My Lords, we are not proposing to abandon the regime. As the noble Lord, Lord Bach, pointed out, immigration advice is tightly regulated by the OISC, to which complaints can be made.
Substantial savings are required. The change that we propose will save an estimated £20 million a year out of a total of £90 million spent in this sphere of law. It is important to show a balance; it is not just a case of taking immigration cases out of scope. Cases affecting some of the most vulnerable people will remain in scope. I do not for a moment doubt the motivations behind the amendment. However, I assure noble Lords that the matter has been given careful consideration. My noble friend Lord Boswell asked about complex law being kept under review. He will be aware that the power to add, within scope, that has been proposed for Clause 8 is a safety net that could be used if, in the light of experience, the somewhat apocalyptic scenario described by the noble Lord, Lord Bach, came to pass. Of course, there will be a post-implementation review after five years.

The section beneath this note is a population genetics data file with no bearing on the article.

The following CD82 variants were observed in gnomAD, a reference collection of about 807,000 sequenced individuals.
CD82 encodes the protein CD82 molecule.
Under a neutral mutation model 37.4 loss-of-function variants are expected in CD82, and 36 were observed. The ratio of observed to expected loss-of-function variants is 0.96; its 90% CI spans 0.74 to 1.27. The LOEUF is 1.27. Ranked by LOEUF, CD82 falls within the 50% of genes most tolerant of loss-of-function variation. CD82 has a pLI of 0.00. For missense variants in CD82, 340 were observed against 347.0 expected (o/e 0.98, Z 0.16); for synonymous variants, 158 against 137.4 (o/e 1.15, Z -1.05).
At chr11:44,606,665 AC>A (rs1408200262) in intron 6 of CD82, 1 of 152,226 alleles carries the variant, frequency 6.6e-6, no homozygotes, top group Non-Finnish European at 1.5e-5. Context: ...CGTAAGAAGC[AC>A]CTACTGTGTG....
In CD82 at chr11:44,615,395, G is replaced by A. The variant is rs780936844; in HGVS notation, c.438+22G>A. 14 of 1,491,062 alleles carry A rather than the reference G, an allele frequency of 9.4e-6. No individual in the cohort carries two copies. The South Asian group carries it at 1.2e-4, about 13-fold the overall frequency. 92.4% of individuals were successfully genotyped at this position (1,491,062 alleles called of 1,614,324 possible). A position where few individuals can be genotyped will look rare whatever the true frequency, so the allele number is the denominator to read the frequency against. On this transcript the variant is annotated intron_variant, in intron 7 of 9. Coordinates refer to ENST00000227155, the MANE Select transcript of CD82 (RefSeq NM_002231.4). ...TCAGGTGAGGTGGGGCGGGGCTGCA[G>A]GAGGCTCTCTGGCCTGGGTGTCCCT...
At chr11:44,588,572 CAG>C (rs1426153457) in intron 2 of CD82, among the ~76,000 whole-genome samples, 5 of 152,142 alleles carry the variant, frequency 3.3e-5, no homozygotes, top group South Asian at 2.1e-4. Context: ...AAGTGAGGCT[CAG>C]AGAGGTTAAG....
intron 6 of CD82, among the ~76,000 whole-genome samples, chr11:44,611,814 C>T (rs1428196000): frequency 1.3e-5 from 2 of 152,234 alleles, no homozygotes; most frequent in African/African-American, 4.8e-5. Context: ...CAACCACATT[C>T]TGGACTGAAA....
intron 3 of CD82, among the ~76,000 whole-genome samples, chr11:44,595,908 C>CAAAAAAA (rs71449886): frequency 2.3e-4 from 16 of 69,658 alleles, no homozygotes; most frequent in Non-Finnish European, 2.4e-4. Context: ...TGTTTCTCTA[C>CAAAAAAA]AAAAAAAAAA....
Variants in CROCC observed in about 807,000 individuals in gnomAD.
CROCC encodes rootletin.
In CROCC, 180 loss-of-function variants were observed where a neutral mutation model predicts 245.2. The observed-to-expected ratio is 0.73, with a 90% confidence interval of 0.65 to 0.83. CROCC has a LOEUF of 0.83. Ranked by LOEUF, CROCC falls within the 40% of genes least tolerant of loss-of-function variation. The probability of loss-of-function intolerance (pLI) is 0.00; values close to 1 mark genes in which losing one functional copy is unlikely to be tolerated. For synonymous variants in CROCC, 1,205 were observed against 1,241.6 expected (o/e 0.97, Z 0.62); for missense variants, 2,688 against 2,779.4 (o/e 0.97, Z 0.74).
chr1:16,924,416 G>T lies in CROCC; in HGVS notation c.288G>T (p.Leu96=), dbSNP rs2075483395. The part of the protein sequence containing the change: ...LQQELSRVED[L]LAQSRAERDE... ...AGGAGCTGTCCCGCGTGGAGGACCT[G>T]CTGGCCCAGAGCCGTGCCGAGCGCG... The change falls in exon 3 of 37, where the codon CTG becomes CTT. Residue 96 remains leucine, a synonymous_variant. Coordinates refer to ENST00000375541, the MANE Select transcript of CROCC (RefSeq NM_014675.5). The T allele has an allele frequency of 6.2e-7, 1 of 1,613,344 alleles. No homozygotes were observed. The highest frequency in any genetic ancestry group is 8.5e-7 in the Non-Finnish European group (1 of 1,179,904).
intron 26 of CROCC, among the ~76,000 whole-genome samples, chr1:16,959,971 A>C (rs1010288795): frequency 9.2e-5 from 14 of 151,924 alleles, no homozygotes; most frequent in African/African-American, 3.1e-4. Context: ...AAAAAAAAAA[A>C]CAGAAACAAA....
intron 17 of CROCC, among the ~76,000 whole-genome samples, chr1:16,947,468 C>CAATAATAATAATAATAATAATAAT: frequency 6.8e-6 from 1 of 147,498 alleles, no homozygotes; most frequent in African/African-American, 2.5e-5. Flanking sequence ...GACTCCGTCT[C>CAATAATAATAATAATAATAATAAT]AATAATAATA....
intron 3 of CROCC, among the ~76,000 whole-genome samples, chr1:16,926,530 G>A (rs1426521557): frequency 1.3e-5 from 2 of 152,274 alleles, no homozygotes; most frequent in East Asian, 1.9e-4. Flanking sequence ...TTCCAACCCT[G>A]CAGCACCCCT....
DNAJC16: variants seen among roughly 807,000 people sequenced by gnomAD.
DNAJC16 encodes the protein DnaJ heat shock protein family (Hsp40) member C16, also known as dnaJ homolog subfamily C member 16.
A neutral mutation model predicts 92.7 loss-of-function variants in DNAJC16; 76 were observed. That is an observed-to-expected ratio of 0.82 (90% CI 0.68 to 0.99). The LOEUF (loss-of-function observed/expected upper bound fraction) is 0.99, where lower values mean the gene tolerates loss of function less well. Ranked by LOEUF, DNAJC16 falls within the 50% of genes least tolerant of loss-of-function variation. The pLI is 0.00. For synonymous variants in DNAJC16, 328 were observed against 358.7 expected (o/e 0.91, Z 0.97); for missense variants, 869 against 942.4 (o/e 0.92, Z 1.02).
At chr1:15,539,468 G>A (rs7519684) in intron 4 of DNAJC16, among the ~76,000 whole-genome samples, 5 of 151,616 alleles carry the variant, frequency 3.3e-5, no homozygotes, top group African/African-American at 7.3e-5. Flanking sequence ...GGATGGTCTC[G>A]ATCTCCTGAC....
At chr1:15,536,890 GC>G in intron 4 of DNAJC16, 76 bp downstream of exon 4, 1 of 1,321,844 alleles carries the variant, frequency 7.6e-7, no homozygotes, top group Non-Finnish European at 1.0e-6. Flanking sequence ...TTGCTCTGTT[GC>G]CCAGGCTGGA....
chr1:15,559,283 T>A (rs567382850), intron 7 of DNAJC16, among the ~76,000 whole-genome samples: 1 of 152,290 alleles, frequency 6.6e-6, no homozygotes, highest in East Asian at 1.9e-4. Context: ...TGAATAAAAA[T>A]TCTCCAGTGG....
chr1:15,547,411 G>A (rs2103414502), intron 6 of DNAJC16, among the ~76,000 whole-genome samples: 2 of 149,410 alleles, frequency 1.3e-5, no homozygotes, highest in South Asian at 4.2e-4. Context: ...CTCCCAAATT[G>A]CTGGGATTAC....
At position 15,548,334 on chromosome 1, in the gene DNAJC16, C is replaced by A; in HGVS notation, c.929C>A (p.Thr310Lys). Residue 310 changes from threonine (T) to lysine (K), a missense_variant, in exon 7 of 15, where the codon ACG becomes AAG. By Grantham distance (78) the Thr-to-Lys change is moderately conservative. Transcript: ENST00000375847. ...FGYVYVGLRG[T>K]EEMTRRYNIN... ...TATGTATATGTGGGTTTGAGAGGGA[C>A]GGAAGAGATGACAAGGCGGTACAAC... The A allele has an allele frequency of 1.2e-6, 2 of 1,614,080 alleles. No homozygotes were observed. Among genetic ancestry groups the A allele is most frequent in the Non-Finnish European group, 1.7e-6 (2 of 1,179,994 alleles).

I hope that noble Lords will recognise that in a very difficult area we have sought to strike the right balance in cases that are particularly demanding and that particularly affect asylum seekers, such as cases of domestic violence and where people are being held in detention, and that we are addressing some of the most difficult cases in the immigration field. However, we had to draw the line somewhere. It could never be in the right place for all noble Lords. I can only assure them that it was done with some care and thought, and ask the noble Lord to withdraw his amendment.